PLNU, Economist Look to Form Regional Economic Institute
By Rebecca Go The Daily Transcript
Thursday, August 27, 2009
A local university has tapped Bank of America’s former chief economist to lead efforts to create a regional economic institute designed to serve the San Diego community.
Lynn Reaser, who stepped into the role of Point Loma Nazarene University’s new chief economist earlier this month, envisions a “homegrown” organization based at PLNU that will analyze both macroeconomic and microeconomic issues with the intent of helping San Diego businesses and organizations navigate the economic environment.
“The institute is not a policy advocacy organization; it’s not an academic think tank where we focus on scholarly research for publication,” Reaser said. “It’s meant to be a very practical organization that looks at the data in an objective way, forecasts it (and) translates it into actionable implications.”
The institute could, for example, examine the value of the U.S. dollar and how that would affect San Diego importers and exporters. Or, on a more individual level, it could help a local nonprofit analyze how to best maximize the use of a grant or donation.
Local leaders agree the possibilities abound: studying the true value of military spending to the region, addressing the water shortage, exploring the possibility of expanding the convention center, or looking at the implications of a truly sustainable economy.
“It’s always good to have various points of view,” said Marney Cox, SANDAG’s chief economist. “There’s lots of issues that academia in general could assist in making those choices.”
Reaser and Randy Ataide, the director of PLNU’s Fermanian Business Center, agree that collaboration will be key, both within the San Diego community and across academic disciplines at PLNU.
“You have to have all these disciplines and these insights to really come up with a workable solution,” Reaser said.
The plans for the institute are still in the beginning stages, although organizers intend to move quickly in the next four months in order to address local needs as soon as possible.
Reaser and Ataide hope to officially launch the institute Jan. 1, 2010, pending the approval of PLNU administration. Currently, Reaser and Ataide are conducting a “feasibility study,” to determine the need for a regional economic institute and how such an organization could sustain itself.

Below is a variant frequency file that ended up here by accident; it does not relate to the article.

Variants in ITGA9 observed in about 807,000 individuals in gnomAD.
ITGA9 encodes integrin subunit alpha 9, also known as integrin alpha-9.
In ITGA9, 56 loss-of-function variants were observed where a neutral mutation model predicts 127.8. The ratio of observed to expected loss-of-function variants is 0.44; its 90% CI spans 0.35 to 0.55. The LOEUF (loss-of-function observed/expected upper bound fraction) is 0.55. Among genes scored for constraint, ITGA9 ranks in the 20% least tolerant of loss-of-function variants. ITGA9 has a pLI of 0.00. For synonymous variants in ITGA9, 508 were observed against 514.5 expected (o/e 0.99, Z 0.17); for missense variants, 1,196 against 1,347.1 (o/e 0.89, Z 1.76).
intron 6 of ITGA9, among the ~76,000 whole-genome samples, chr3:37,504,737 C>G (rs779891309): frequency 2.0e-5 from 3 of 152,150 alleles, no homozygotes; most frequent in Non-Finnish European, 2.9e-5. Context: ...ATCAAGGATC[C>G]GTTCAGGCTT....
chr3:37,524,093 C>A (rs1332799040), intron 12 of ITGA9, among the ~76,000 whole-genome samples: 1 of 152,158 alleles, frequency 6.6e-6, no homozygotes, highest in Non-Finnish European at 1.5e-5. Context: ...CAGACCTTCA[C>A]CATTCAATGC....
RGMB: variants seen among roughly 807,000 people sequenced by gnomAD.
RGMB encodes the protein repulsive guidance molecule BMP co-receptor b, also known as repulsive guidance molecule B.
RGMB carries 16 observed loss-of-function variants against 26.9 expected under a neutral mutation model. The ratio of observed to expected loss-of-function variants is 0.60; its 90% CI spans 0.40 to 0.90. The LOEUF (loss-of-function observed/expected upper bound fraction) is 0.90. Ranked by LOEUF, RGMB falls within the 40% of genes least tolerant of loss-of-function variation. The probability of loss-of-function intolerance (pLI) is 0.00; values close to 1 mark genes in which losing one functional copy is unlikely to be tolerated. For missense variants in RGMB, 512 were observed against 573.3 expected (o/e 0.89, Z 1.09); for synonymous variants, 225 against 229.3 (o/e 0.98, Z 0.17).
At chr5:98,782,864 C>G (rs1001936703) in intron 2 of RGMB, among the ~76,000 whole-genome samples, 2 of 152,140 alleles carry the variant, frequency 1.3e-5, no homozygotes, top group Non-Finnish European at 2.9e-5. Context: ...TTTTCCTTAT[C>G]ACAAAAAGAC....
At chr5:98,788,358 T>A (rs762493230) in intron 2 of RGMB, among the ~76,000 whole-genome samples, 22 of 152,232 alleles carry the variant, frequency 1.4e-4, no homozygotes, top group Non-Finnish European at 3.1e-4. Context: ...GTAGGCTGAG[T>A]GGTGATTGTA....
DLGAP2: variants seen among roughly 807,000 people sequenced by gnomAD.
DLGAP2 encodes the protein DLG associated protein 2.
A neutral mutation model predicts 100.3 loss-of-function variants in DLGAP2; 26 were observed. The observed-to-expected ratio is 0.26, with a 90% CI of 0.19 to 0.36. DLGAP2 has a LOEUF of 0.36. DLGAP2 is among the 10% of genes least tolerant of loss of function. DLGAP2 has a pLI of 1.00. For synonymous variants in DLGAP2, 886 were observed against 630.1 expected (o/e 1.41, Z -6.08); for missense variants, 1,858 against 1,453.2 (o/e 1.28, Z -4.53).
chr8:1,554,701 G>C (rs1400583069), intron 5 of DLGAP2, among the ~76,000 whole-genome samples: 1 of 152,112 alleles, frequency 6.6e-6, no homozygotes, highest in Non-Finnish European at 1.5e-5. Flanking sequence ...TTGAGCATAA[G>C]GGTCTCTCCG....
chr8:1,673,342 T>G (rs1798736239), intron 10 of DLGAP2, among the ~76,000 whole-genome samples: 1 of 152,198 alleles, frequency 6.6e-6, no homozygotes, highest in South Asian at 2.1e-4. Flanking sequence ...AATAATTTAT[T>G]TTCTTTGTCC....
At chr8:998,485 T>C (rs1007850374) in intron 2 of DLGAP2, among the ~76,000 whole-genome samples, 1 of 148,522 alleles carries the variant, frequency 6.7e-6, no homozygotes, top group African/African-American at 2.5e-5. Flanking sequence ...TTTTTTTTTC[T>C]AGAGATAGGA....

“What we’re finding is in many cases, these organizations have a strategic vision, a strategic plan, but often they are missing the economic analysis piece, which they acknowledge is desperately needed,” Reaser said.
A decision is expected in November, along with a regional economic forecast. Reaser intends to incorporate insights from the community members and business leaders she interacts with into her forecast.
“You can look at the numbers and you can do the modeling, which economic forecasters do all over the country, but without that additional insight, it’s hard to come up with a forecast that’s realistic and correct,” she said.
The move to PLNU is a step in a slightly different direction for Reaser, whose résumé includes an impressive list of high-profile employers. Reaser originally hails from west Los Angeles and completed her undergraduate and postgraduate work at the University of California, Los Angeles.
Reaser worked as chief economist at Los Angeles’ First Interstate Bancorp before it was acquired by Wells Fargo, and served on the state Economic Strategy Panel and the governor’s Council of Economic Advisors.
After helping shape investment strategy at Bank of America for the last five years, Reaser decided it was time for a change of a career, wanting to delve into the practical applications of economic analysis.
The notion of an institute was already beginning to take shape at PLNU as the economic crisis continued to stoke dialogue among faculty, staff and students. Reaser, who had spoken at the university in the past, spoke again at a January event, which led to subsequent conversations with Ataide and eventually Reaser’s appointment.
“We find ourselves in a unique period of time where economics, good and bad, is of great importance, not only to the university and our students … but also to the local community,” Ataide said. “We want to move quickly and get to the bottom of what San Diego really needs.”